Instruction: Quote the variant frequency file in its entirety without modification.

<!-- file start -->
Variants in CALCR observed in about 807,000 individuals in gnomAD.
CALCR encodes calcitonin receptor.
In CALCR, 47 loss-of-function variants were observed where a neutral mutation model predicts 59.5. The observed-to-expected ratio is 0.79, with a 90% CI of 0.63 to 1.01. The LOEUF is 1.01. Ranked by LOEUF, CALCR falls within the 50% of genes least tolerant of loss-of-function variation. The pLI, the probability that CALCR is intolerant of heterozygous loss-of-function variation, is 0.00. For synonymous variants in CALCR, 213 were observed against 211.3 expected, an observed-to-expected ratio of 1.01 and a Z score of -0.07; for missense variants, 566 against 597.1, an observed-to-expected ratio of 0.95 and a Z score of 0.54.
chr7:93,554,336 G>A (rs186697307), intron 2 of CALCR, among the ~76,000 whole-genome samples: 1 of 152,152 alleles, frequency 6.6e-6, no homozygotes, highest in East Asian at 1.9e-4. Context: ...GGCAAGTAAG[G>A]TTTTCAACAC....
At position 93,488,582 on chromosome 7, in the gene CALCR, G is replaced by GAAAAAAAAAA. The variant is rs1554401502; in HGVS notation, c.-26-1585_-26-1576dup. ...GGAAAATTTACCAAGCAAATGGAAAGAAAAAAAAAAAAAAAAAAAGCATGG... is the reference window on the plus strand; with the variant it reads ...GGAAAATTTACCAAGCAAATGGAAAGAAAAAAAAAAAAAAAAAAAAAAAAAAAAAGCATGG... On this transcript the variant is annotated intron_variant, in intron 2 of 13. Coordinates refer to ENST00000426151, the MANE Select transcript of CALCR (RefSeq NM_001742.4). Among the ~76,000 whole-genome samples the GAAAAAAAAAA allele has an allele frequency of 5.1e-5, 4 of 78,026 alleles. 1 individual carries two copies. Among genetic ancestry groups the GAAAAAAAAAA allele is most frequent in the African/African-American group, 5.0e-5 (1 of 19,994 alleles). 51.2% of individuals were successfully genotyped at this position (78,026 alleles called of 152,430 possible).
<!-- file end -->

Variants in CALCR observed in about 807,000 individuals in gnomAD.
CALCR encodes calcitonin receptor.
In CALCR, 47 loss-of-function variants were observed where a neutral mutation model predicts 59.5. The observed-to-expected ratio is 0.79, with a 90% CI of 0.63 to 1.01. The LOEUF is 1.01. Ranked by LOEUF, CALCR falls within the 50% of genes least tolerant of loss-of-function variation. The pLI, the probability that CALCR is intolerant of heterozygous loss-of-function variation, is 0.00. For synonymous variants in CALCR, 213 were observed against 211.3 expected, an observed-to-expected ratio of 1.01 and a Z score of -0.07; for missense variants, 566 against 597.1, an observed-to-expected ratio of 0.95 and a Z score of 0.54.
chr7:93,554,336 G>A (rs186697307), intron 2 of CALCR, among the ~76,000 whole-genome samples: 1 of 152,152 alleles, frequency 6.6e-6, no homozygotes, highest in East Asian at 1.9e-4. Context: ...GGCAAGTAAG[G>A]TTTTCAACAC....
At position 93,488,582 on chromosome 7, in the gene CALCR, G is replaced by GAAAAAAAAAA. The variant is rs1554401502; in HGVS notation, c.-26-1585_-26-1576dup. ...GGAAAATTTACCAAGCAAATGGAAAGAAAAAAAAAAAAAAAAAAAGCATGG... is the reference window on the plus strand; with the variant it reads ...GGAAAATTTACCAAGCAAATGGAAAGAAAAAAAAAAAAAAAAAAAAAAAAAAAAAGCATGG... On this transcript the variant is annotated intron_variant, in intron 2 of 13. Coordinates refer to ENST00000426151, the MANE Select transcript of CALCR (RefSeq NM_001742.4). Among the ~76,000 whole-genome samples the GAAAAAAAAAA allele has an allele frequency of 5.1e-5, 4 of 78,026 alleles. 1 individual carries two copies. Among genetic ancestry groups the GAAAAAAAAAA allele is most frequent in the African/African-American group, 5.0e-5 (1 of 19,994 alleles). 51.2% of individuals were successfully genotyped at this position (78,026 alleles called of 152,430 possible).